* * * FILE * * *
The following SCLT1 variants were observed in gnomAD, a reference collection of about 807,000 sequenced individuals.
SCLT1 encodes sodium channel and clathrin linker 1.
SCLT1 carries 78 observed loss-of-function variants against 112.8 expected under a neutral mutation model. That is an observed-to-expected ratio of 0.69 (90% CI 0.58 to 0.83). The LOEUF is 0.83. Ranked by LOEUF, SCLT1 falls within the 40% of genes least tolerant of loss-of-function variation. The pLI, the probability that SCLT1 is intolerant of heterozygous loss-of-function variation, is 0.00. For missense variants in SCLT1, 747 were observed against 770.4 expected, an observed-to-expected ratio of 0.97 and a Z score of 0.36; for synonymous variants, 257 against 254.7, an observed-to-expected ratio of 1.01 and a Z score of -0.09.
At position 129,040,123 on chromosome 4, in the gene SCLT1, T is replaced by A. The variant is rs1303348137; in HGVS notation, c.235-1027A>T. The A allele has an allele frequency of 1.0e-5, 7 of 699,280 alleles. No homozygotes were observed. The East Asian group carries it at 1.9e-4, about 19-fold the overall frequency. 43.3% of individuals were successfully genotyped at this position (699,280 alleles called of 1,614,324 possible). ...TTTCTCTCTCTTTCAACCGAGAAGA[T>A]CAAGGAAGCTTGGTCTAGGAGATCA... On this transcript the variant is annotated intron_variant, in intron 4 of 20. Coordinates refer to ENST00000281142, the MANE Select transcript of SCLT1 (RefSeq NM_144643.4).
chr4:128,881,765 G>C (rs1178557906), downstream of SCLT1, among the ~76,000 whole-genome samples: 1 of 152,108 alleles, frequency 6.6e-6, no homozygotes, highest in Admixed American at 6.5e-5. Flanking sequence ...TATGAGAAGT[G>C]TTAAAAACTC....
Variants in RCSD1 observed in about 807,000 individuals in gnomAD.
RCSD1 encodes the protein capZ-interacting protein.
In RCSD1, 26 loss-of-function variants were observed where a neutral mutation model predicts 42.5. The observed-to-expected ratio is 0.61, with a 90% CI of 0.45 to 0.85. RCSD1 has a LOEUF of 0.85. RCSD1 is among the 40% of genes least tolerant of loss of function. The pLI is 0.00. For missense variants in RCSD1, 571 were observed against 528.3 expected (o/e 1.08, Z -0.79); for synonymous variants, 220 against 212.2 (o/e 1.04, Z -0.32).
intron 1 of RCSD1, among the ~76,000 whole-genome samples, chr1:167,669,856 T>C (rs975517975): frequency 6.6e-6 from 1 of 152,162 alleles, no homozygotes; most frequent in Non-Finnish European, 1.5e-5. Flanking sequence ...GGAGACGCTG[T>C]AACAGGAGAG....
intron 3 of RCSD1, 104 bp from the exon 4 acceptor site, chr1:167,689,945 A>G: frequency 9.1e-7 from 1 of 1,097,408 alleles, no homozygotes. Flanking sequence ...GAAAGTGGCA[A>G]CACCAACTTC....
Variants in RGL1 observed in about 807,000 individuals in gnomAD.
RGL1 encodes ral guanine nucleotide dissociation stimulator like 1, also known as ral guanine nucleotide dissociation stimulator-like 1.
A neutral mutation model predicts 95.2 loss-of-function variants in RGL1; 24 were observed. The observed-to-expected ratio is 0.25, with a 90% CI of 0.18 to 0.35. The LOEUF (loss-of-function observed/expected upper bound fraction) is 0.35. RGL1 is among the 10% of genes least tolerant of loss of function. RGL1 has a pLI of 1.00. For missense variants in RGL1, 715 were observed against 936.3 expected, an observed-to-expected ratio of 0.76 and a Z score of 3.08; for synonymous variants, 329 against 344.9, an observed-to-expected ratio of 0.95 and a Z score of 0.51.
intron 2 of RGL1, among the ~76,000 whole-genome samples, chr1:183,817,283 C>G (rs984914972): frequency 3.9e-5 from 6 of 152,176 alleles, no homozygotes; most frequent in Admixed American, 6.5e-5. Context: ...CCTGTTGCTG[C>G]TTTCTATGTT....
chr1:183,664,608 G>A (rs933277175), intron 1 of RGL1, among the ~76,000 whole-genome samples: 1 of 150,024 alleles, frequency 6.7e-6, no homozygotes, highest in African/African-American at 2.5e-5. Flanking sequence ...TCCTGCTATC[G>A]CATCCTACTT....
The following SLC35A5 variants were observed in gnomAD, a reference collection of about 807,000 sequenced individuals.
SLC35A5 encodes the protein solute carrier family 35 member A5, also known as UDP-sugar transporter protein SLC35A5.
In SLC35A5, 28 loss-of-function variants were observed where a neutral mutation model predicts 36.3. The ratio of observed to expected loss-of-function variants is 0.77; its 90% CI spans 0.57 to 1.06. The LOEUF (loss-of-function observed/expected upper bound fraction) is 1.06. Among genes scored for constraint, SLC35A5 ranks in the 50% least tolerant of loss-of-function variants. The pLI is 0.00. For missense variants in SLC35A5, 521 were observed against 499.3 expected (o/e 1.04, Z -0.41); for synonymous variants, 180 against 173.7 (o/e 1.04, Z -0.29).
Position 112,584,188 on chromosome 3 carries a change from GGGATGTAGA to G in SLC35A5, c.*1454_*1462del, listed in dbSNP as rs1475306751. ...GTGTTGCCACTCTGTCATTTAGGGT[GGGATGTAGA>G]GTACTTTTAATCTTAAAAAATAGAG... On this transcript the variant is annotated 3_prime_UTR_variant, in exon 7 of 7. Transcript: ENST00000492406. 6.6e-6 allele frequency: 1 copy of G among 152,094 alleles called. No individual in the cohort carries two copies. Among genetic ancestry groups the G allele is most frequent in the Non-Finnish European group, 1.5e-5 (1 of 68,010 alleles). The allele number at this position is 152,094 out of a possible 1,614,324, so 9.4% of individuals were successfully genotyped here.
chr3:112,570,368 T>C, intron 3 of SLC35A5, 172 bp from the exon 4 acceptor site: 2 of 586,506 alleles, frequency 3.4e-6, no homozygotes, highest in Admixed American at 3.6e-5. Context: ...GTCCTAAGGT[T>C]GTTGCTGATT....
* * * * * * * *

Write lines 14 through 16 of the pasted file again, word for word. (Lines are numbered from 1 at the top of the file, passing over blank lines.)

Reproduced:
intron 2 of RGL1, among the ~76,000 whole-genome samples, chr1:183,817,283 C>G (rs984914972): frequency 3.9e-5 from 6 of 152,176 alleles, no homozygotes; most frequent in Admixed American, 6.5e-5. Context: ...CCTGTTGCTG[C>G]TTTCTATGTT....
chr1:183,664,608 G>A (rs933277175), intron 1 of RGL1, among the ~76,000 whole-genome samples: 1 of 150,024 alleles, frequency 6.7e-6, no homozygotes, highest in African/African-American at 2.5e-5. Flanking sequence ...TCCTGCTATC[G>A]CATCCTACTT....
The following SLC35A5 variants were observed in gnomAD, a reference collection of about 807,000 sequenced individuals.